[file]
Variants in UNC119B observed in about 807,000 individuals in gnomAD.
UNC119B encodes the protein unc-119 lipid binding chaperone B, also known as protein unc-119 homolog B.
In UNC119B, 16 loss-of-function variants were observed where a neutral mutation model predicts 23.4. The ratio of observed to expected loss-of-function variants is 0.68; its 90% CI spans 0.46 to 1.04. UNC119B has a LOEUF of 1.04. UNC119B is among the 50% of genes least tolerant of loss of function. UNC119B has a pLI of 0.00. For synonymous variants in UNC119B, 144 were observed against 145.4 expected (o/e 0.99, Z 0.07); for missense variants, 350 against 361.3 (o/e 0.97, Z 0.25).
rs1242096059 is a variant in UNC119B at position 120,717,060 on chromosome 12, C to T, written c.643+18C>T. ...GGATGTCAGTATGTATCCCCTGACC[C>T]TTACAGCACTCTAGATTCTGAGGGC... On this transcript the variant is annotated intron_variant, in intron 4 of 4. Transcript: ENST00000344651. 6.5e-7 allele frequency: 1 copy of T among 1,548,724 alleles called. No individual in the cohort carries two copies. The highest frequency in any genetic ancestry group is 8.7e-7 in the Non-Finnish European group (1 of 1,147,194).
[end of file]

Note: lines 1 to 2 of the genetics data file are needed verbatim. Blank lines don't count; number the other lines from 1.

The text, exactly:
Variants in UNC119B observed in about 807,000 individuals in gnomAD.
UNC119B encodes the protein unc-119 lipid binding chaperone B, also known as protein unc-119 homolog B.